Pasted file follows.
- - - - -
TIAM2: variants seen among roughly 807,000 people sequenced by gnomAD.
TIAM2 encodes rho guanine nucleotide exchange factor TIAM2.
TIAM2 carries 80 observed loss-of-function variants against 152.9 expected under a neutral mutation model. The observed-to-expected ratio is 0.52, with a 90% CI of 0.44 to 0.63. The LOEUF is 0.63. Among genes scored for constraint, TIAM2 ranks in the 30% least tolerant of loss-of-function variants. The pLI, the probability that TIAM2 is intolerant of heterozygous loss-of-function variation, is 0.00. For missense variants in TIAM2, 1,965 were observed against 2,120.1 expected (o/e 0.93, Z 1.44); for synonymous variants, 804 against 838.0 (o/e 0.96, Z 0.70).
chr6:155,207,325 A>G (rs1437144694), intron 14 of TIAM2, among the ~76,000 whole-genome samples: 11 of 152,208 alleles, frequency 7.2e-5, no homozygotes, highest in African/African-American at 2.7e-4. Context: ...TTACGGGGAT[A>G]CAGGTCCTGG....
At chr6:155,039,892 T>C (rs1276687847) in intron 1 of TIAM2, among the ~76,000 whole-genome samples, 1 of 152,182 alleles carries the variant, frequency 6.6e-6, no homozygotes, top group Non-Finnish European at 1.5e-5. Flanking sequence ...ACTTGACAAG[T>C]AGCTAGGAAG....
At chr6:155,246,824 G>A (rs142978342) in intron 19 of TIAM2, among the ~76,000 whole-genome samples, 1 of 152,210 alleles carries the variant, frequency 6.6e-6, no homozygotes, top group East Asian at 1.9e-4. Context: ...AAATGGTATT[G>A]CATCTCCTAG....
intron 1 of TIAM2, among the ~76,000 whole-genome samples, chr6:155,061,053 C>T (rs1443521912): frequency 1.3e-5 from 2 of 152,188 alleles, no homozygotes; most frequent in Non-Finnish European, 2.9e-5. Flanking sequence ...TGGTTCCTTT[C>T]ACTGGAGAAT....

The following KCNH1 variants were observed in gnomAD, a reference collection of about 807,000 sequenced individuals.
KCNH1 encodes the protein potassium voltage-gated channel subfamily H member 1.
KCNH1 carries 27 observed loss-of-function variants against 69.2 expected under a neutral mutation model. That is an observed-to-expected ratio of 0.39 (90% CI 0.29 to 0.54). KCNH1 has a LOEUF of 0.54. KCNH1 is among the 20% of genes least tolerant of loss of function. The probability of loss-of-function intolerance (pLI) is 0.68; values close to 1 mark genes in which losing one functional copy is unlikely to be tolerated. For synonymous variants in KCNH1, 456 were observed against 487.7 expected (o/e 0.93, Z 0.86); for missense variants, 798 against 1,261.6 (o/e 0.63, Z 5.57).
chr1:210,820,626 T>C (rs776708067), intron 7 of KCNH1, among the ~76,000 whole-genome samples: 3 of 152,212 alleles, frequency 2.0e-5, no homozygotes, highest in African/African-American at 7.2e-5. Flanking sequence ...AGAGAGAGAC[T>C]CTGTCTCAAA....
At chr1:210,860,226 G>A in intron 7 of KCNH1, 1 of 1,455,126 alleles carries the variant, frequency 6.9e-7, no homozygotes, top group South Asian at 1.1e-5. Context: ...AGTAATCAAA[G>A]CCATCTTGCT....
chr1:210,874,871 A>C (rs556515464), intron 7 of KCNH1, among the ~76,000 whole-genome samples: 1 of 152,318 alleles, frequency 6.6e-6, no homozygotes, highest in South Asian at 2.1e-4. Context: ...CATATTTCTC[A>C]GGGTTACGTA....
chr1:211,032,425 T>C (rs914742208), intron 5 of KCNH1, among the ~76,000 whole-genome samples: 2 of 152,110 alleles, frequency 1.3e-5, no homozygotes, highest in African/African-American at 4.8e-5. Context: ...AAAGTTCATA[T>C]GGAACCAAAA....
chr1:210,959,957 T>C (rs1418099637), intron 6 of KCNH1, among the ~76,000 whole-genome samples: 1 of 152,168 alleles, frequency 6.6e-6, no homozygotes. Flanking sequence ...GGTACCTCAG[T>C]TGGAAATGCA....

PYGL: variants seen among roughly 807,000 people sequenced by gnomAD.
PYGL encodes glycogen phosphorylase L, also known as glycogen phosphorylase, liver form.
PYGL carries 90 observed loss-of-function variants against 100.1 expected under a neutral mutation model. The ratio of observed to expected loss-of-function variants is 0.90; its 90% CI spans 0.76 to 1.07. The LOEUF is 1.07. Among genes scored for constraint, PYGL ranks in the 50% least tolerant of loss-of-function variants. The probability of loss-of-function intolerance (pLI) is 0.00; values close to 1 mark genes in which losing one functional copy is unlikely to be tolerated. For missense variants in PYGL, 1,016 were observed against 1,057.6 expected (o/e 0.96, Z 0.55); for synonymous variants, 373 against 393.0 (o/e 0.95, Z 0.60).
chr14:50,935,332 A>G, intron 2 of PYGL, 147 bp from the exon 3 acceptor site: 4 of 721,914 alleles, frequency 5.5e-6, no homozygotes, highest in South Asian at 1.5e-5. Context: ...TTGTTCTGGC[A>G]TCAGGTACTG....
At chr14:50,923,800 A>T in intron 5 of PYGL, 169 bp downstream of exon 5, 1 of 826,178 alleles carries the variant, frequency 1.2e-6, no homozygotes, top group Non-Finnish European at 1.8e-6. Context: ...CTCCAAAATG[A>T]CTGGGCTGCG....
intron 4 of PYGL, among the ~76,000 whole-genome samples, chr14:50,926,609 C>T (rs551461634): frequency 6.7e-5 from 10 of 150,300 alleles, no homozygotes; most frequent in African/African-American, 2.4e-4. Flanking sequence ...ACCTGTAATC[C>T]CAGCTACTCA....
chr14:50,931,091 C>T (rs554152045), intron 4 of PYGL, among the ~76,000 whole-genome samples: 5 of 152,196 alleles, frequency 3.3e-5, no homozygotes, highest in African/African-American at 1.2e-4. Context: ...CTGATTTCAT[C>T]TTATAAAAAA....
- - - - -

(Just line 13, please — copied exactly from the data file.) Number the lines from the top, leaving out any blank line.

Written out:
chr1:210,874,871 A>C (rs556515464), intron 7 of KCNH1, among the ~76,000 whole-genome samples: 1 of 152,318 alleles, frequency 6.6e-6, no homozygotes, highest in South Asian at 2.1e-4. Context: ...CATATTTCTC[A>C]GGGTTACGTA....